The longer path is the faster path

Why straight lines are slower than we think

For most of my adult life, I’ve felt behind. It’s always taken longer than I expected to piece together what brings me joy.

But there’s a principle in physics, Fermat’s Principle, that I’ve been turning to when I’m feeling particularly behind:

Light takes the fastest possible route between two points.

This seems obvious enough when pointing a laser across the room. But it’s quite fascinating when you consider that it holds true when light travels through different materials (which it does at different speeds).

For example, consider a beam of light traveling from A to B through air and water. Fermat’s Principle states that the beam of light will bend when it hits the water so that it reaches point B in the fastest possible time.

The shortest geometric path, a straight line, takes more time because the light travels more distance in the slower water. Trying to maximize the distance traveled through the faster air also takes more time.

The fastest path is in between.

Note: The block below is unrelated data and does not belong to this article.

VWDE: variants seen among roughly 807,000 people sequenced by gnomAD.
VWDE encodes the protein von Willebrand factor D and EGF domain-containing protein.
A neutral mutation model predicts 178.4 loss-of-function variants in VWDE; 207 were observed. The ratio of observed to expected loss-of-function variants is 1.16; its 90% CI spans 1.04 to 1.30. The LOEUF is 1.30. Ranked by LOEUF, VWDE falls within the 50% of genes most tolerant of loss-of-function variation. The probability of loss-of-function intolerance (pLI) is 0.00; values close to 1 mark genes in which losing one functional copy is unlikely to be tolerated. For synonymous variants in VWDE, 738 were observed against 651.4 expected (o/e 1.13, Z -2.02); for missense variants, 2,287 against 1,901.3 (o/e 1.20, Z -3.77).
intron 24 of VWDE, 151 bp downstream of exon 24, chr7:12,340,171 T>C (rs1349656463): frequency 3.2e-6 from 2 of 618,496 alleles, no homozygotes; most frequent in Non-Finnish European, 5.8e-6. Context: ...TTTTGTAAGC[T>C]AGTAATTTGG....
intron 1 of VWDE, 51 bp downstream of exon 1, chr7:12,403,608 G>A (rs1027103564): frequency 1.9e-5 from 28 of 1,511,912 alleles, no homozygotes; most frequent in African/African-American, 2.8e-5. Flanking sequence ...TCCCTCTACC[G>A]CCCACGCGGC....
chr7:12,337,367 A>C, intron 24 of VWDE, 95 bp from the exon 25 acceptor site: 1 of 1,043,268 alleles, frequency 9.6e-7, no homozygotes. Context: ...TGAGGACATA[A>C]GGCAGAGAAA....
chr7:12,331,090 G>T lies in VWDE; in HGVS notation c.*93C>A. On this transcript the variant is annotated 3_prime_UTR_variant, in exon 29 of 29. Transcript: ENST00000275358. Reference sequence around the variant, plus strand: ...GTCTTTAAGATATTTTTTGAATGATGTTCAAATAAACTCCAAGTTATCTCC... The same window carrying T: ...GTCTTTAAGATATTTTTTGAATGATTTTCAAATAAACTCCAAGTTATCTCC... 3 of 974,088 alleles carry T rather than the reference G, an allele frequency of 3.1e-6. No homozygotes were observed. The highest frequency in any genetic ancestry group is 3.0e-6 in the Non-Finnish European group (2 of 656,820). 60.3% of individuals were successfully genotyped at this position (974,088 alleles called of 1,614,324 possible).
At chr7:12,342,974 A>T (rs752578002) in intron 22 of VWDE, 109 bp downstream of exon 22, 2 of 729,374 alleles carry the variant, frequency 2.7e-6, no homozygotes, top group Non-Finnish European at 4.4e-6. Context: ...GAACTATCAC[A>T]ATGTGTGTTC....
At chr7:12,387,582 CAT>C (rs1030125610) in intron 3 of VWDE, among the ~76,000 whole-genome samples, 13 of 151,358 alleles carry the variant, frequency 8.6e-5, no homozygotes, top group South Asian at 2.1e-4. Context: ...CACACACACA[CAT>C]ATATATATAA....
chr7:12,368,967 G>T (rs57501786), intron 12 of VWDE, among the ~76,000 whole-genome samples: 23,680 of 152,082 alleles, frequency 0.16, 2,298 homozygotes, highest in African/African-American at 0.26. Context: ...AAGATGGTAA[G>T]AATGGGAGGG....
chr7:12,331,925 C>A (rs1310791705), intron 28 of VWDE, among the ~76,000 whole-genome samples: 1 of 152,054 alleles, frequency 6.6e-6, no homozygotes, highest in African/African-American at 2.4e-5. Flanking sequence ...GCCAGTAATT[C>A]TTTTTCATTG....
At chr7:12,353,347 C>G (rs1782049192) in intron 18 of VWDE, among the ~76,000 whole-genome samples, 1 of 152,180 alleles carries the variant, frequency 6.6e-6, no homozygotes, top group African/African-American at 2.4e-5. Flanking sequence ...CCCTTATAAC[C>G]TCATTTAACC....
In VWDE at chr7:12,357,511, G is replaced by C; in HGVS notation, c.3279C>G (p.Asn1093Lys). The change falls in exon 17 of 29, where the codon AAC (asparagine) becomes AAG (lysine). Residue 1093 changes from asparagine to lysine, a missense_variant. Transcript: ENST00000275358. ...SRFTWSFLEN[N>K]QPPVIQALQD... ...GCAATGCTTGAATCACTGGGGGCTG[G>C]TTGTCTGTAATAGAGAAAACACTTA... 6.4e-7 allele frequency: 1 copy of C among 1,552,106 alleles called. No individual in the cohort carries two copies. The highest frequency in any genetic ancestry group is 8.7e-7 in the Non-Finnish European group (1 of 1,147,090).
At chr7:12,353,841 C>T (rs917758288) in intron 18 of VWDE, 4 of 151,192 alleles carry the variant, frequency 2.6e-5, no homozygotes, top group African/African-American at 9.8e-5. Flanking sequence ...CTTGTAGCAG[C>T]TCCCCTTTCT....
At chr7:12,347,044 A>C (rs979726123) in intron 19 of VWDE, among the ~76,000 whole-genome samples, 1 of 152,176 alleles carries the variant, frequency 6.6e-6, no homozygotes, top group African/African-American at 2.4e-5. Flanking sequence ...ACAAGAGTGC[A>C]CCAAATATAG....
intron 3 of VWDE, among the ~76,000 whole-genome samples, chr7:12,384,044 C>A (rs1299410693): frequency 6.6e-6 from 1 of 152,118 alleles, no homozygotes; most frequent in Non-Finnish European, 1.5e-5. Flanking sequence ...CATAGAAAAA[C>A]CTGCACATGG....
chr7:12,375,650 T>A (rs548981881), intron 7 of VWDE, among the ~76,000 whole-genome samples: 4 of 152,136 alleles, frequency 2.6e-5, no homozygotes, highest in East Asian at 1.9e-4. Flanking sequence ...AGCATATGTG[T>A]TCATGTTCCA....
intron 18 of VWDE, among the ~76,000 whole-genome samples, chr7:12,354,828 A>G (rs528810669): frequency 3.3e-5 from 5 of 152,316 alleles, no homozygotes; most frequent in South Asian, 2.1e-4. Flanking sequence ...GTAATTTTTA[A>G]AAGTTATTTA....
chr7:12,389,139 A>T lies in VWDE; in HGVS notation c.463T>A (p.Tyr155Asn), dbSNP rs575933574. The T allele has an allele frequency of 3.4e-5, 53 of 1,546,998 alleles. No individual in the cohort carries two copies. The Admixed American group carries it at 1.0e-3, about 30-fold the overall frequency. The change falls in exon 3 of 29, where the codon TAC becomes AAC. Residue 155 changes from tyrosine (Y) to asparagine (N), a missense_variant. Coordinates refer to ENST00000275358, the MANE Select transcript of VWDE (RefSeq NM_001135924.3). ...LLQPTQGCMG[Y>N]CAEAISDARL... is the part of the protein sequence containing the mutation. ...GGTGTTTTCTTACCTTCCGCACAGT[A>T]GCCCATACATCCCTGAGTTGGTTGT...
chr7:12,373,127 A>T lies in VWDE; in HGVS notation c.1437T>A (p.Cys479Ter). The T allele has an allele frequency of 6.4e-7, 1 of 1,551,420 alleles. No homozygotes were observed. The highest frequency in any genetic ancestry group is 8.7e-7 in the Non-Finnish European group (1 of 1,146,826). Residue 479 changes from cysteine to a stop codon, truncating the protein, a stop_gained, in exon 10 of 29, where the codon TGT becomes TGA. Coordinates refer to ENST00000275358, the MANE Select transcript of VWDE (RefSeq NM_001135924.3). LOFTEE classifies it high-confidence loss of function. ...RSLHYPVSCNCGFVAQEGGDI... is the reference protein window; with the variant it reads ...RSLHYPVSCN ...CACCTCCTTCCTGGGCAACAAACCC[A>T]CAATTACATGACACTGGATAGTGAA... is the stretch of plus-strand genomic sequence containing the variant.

When I’m feeling behind, I’m often comparing myself to the straight-line path. But the path of one’s life travels through countless “materials”.

What if Fermat’s Principle is true in some way for our lives, too?

What if the optimal path from A to B isn’t a straight line?

What if the “longer” paths we find ourselves on are actually the fastest?

How a beam of light manages to find the fastest path is a topic for another day. But, I will say this: Light does so “accidentally”, without knowing the fastest path in advance.

In other words, light finds the fastest path simply by being and behaving like itself.

I like to think that’s true for us, too.

🤝 Stay in touch

I send an email several times a year with a handful of the most interesting things I’ve written or uncovered at home, abroad, and on the web.

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